Notice the words “treasure in heaven” and “rich in spiritual goods.”  Notice how they fit with the teaching of Jesus from the Sermon on the Mount.

Both Augustine and Francis were caught up in worldly affectation.  Both had dreams of worldly renowned and worldly achievement.  Self-denial is prominent in both conversions.  It took time for each to develop the holy devotion that defined their lives in the end, locating them among the greatest saints the church has known.  That these two great saints had to evolve over time is of great consolation. 

God, through the ongoing presence of Christ and the same Word that saved Augustine and Francis, offers me continuous assistance to the same degree and measure that He offered it to these two great saints. 

As the Rule says, my human frailty makes conversion an ongoing process.  It needs to be pursued daily.  Francis and Augustine understood that and lived through it.  Their example means there is hope for me to reach the Light at the end of my journey. 


“Store up for yourself treasures in heaven.” 

Thanks to Disney and “The Pirates of the Caribbean,” I find myself thinking about treasure like a pirate.  I want to hoard some gold, place it in a locked chest, and bury it on a desert island somewhere against my future need.  In the modern sense, I want to put money in the bank or invest it in the stock market or a piece of real estate so that my long-term security is guaranteed.

But what are the practicalities of storing up treasure in Heaven?  Heaven does not have bank vaults or a stock market, so I have no way to store up anything material against the future needs of eternity.  If treasure in Heaven is a spiritual matter, how do I acquire and store it?    

Perhaps I should think of treasure in terms of my obligation to participate in God’s plan for the expansion of Love?  The Love that I produce when my relationship with God is active and robust is the spiritual treasure that I am asked to accumulate?  Every healthy step I take forward in this relationship can be thought of as a new deposit or an appreciation in value that increases my stores?   When I sin and regress away from Love, I make a withdrawal or the market falls and my account suffers a depletion?

If relationship and Love are the currency that defines the value of my stored treasure in Heaven, then self-denial is the work I put in to generate that currency.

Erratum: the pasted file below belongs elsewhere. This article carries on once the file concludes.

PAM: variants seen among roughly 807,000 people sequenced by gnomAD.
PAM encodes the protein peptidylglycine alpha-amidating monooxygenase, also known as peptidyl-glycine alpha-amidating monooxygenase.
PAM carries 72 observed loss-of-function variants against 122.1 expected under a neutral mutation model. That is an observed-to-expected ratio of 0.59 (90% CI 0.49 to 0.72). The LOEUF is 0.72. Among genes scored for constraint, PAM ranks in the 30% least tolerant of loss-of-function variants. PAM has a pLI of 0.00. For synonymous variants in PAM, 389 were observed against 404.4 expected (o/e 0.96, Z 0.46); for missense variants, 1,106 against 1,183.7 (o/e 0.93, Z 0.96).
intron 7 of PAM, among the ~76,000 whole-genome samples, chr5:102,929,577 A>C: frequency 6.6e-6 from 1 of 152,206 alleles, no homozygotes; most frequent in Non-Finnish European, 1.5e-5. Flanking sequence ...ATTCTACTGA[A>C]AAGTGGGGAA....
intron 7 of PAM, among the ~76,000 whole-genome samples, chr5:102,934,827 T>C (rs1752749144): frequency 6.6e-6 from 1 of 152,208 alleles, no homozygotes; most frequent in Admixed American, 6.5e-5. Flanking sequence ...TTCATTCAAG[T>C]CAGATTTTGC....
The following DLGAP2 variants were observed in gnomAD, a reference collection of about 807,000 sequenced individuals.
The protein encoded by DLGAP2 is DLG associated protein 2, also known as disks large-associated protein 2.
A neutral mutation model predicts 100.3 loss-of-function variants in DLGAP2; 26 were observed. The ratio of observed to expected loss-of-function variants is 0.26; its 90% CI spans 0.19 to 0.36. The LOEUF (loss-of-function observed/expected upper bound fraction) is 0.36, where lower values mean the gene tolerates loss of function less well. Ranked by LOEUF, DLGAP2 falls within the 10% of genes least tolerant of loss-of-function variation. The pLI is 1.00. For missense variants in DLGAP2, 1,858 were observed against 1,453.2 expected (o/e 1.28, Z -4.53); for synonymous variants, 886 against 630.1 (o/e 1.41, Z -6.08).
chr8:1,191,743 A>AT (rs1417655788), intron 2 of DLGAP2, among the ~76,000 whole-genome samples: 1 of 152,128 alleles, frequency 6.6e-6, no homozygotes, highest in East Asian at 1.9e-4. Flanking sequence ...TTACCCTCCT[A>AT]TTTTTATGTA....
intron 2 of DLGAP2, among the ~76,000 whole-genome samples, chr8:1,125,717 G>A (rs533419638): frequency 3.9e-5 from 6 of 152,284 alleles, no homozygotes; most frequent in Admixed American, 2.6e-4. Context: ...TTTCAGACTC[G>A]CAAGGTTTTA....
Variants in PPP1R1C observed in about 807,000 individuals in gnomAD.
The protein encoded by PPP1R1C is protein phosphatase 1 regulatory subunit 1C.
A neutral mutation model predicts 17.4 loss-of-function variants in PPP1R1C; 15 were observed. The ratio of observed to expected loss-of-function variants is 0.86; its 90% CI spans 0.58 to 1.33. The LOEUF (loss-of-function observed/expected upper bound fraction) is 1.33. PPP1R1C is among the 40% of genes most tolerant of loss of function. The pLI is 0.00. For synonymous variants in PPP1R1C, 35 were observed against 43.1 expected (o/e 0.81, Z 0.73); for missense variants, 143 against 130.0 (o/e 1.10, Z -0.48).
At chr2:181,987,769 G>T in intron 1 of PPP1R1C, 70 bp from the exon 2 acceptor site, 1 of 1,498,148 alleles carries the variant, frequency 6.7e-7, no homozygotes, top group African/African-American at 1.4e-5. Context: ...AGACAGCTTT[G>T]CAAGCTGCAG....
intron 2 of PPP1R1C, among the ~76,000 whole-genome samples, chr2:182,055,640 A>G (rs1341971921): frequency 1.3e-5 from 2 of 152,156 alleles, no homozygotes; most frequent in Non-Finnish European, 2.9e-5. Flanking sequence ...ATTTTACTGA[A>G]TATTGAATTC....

I can easily identify the connection between toil and treasure on this earthly plane.  I understand from experience that the reward for work is income.  That might take the form of a paycheck, or a rent deposit (my wife and I own several rental properties), or maybe just appreciation in a market account or the value of a piece of property I own.  Whatever the source, the gain is related to the work and/or the resources I put in place.   

If this analogy is to hold in relation to spiritual treasure, then I also must deploy work and resources on that front.  The analogy might lead me to think that good works are sufficient to meet the need, but the truth goes deeper than that.  God knows if my good works are sincere or steeped in hollow human calculation.  If my good works are not underpinned by the proper attitude, they will not be efficacious.  The resource of Love must be their true cause, and they must be the by-product of a relationship with God grounded in the work of Penance and self-denial.

Recall this quotation from Paul on Love.

If I give away everything I own,
and if I hand my body over so that I may boast,
but do not have love, I gain nothing.

In chapter three I discovered that my will was insufficient to lead me to Penance.  I need to embrace gratitude for the Love of God before Penance becomes accessible.  Likewise, if I deploy good works, but my motivation is skewed by my human will, I have missed the point.  Instead, my good works must be generated by a deep foundation rooted in the fundamental Love described by this quote.  Earnest good works preceded by a commitment to the expansion of Love are an indicator of the deeper well-being of my soul.